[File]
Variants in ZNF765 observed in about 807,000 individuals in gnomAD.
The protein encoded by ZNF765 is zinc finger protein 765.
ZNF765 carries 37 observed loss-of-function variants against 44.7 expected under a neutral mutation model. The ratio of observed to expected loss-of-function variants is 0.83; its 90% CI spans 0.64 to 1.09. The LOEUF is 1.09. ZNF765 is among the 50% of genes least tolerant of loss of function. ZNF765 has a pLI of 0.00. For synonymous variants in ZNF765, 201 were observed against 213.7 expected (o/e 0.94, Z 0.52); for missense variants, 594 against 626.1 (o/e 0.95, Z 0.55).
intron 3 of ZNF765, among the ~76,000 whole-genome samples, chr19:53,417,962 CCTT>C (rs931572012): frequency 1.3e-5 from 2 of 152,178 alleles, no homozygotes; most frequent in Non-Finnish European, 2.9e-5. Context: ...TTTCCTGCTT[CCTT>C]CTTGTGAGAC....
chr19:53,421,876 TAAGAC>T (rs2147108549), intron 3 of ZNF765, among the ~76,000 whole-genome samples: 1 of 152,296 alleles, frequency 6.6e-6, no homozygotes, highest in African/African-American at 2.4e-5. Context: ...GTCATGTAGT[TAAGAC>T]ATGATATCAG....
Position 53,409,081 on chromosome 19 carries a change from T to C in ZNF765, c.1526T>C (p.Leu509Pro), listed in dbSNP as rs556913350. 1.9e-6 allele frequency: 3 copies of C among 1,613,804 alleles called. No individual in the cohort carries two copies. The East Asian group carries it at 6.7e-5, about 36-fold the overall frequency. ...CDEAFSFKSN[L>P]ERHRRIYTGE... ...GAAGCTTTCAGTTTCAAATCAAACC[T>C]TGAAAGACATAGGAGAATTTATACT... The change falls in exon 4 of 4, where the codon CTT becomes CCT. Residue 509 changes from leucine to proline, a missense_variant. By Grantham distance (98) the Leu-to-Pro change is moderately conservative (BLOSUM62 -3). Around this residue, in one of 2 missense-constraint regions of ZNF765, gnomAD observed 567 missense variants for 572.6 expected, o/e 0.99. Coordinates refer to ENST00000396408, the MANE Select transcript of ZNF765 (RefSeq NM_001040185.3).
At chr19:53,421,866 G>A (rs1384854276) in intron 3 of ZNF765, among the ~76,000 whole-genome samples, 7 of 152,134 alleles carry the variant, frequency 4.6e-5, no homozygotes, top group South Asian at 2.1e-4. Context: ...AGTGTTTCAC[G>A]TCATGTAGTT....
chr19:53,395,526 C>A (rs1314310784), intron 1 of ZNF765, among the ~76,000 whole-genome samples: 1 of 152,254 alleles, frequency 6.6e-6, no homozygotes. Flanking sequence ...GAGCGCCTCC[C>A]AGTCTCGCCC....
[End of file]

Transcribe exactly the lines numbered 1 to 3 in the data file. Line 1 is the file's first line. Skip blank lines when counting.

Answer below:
Variants in ZNF765 observed in about 807,000 individuals in gnomAD.
The protein encoded by ZNF765 is zinc finger protein 765.
ZNF765 carries 37 observed loss-of-function variants against 44.7 expected under a neutral mutation model. The ratio of observed to expected loss-of-function variants is 0.83; its 90% CI spans 0.64 to 1.09. The LOEUF is 1.09. ZNF765 is among the 50% of genes least tolerant of loss of function. ZNF765 has a pLI of 0.00. For synonymous variants in ZNF765, 201 were observed against 213.7 expected (o/e 0.94, Z 0.52); for missense variants, 594 against 626.1 (o/e 0.95, Z 0.55).